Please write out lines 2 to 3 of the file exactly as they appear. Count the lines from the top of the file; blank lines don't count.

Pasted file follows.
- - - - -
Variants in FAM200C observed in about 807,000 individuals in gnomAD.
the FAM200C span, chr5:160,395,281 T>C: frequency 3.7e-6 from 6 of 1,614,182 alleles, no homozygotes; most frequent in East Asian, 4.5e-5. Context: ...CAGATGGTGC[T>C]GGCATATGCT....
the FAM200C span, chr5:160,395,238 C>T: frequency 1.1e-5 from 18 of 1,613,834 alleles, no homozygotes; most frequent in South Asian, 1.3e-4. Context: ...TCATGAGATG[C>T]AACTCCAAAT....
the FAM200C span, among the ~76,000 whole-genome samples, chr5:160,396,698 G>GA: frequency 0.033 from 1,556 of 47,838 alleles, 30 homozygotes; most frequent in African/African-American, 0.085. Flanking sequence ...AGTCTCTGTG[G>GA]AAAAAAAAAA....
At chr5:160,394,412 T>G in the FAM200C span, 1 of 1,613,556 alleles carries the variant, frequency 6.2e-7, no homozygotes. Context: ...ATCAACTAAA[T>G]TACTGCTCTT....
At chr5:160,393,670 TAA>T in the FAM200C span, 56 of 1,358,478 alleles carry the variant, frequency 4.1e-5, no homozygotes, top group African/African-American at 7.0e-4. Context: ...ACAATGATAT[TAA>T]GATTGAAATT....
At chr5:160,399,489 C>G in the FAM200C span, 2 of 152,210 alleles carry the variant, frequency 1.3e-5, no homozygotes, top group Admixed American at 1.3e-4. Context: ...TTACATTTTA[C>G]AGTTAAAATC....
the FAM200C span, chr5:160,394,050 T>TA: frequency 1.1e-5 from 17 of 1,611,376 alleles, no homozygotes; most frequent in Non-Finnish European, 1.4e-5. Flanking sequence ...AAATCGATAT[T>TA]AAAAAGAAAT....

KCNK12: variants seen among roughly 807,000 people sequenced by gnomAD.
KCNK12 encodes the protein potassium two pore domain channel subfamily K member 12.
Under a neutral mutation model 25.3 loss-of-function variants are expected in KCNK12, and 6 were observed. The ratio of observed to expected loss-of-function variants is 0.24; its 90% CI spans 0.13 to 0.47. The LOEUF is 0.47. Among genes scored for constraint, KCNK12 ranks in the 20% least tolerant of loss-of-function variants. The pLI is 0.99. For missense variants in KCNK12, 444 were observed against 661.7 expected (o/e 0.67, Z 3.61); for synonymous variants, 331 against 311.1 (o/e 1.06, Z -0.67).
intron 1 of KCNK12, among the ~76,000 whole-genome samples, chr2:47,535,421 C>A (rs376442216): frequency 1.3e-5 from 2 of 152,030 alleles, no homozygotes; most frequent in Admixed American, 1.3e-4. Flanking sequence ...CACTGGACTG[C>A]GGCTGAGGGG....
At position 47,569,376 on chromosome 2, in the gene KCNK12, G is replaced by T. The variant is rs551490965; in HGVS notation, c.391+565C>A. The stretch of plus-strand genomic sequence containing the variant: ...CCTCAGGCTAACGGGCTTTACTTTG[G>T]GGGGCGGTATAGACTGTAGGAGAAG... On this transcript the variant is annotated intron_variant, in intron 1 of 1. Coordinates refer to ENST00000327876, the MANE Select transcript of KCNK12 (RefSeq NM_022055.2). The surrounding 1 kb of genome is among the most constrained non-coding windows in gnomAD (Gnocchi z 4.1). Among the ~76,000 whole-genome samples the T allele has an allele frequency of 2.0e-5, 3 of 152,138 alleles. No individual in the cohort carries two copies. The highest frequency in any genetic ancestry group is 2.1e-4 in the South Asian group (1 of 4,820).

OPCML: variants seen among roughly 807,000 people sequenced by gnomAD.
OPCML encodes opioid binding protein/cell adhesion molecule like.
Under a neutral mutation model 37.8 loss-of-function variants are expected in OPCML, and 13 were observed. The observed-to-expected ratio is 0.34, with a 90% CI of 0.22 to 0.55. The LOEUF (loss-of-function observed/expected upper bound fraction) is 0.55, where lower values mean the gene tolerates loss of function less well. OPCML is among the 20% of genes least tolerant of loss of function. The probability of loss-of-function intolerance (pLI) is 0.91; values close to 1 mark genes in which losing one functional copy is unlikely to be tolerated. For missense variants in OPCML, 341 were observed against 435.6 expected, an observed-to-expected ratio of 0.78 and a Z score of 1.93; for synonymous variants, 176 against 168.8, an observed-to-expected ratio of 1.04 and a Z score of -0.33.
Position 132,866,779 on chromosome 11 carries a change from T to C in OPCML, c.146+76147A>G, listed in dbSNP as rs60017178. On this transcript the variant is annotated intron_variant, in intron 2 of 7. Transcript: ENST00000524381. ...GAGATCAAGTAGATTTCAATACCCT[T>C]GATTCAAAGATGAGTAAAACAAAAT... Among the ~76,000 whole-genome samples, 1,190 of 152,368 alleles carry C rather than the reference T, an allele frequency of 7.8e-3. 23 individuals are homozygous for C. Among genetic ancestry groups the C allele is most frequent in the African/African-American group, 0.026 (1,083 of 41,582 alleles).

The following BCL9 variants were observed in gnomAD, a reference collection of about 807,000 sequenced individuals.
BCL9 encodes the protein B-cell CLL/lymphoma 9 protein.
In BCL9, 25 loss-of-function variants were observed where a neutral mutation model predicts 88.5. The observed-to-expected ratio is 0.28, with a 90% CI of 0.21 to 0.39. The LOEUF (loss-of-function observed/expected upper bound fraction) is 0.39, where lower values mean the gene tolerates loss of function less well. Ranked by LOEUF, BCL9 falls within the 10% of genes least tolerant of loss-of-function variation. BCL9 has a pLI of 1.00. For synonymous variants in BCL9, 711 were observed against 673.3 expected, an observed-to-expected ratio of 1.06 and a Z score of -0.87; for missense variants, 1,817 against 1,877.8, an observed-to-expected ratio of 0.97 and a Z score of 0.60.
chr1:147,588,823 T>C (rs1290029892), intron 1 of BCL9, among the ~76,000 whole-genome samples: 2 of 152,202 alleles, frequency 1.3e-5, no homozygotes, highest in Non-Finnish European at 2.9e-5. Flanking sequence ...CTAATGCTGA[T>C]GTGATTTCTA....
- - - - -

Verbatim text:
the FAM200C span, chr5:160,395,281 T>C: frequency 3.7e-6 from 6 of 1,614,182 alleles, no homozygotes; most frequent in East Asian, 4.5e-5. Context: ...CAGATGGTGC[T>C]GGCATATGCT....
the FAM200C span, chr5:160,395,238 C>T: frequency 1.1e-5 from 18 of 1,613,834 alleles, no homozygotes; most frequent in South Asian, 1.3e-4. Context: ...TCATGAGATG[C>T]AACTCCAAAT....